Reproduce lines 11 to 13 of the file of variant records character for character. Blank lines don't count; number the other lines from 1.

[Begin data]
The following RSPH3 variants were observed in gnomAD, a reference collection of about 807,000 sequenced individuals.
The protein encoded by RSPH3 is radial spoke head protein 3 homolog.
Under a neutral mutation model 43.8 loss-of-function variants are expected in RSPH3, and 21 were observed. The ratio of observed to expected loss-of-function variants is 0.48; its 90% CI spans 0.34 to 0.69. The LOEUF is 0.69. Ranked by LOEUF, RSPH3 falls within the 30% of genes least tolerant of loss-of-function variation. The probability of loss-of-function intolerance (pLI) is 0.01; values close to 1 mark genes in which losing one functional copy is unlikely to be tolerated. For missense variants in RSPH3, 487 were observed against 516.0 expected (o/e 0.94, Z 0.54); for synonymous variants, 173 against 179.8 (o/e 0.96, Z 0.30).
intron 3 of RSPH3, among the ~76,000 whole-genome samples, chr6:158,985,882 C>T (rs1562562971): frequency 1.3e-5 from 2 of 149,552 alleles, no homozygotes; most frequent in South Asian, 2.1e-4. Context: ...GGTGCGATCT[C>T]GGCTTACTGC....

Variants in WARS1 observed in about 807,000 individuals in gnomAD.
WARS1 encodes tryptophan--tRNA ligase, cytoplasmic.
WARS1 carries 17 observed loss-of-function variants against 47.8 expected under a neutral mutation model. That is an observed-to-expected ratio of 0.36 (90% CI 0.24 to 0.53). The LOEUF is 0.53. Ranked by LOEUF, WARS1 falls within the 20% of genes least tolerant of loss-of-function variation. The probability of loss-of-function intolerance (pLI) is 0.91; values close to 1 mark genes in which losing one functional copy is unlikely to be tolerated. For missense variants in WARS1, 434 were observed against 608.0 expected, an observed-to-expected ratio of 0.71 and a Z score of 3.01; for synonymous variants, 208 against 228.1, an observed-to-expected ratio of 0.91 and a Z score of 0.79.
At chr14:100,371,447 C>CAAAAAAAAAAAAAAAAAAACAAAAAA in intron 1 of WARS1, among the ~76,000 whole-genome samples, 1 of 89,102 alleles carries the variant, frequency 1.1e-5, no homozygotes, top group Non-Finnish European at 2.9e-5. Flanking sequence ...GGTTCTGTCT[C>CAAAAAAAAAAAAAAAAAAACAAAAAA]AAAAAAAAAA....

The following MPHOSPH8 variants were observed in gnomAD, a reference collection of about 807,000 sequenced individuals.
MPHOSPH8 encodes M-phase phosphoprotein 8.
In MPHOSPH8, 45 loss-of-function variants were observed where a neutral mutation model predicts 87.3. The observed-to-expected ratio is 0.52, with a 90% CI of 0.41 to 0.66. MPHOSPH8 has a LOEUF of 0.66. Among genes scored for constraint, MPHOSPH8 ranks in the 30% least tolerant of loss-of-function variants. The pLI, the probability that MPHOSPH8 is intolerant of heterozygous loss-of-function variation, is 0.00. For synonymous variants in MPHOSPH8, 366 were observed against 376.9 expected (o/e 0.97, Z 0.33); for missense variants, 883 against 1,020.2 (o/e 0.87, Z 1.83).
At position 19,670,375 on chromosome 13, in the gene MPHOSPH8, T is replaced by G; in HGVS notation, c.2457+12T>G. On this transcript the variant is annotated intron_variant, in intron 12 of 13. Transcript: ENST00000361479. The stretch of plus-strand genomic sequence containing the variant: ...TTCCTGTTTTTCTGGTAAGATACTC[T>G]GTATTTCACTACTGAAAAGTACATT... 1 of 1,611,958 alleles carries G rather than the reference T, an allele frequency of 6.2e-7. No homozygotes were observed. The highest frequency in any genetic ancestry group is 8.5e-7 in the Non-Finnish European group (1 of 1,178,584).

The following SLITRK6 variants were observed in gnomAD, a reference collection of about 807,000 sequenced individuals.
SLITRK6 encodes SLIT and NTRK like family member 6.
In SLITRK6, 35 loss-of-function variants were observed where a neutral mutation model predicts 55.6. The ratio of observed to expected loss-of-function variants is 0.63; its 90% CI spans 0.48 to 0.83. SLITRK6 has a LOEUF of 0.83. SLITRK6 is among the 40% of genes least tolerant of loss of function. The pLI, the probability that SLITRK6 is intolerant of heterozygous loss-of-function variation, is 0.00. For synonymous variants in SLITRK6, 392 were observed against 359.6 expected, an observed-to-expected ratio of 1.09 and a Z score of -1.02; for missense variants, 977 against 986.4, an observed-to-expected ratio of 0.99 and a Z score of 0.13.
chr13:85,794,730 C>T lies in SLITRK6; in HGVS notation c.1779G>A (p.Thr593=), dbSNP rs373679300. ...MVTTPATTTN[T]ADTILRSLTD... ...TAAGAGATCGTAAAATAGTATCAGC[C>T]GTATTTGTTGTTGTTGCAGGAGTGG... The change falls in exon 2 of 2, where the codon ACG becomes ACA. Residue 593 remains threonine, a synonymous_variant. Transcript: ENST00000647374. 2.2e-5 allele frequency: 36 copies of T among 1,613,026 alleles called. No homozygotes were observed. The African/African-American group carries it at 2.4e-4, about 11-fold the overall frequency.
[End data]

In MPHOSPH8, 45 loss-of-function variants were observed where a neutral mutation model predicts 87.3. The observed-to-expected ratio is 0.52, with a 90% CI of 0.41 to 0.66. MPHOSPH8 has a LOEUF of 0.66. Among genes scored for constraint, MPHOSPH8 ranks in the 30% least tolerant of loss-of-function variants. The pLI, the probability that MPHOSPH8 is intolerant of heterozygous loss-of-function variation, is 0.00. For synonymous variants in MPHOSPH8, 366 were observed against 376.9 expected (o/e 0.97, Z 0.33); for missense variants, 883 against 1,020.2 (o/e 0.87, Z 1.83).
At position 19,670,375 on chromosome 13, in the gene MPHOSPH8, T is replaced by G; in HGVS notation, c.2457+12T>G. On this transcript the variant is annotated intron_variant, in intron 12 of 13. Transcript: ENST00000361479. The stretch of plus-strand genomic sequence containing the variant: ...TTCCTGTTTTTCTGGTAAGATACTC[T>G]GTATTTCACTACTGAAAAGTACATT... 1 of 1,611,958 alleles carries G rather than the reference T, an allele frequency of 6.2e-7. No homozygotes were observed. The highest frequency in any genetic ancestry group is 8.5e-7 in the Non-Finnish European group (1 of 1,178,584).

The following SLITRK6 variants were observed in gnomAD, a reference collection of about 807,000 sequenced individuals.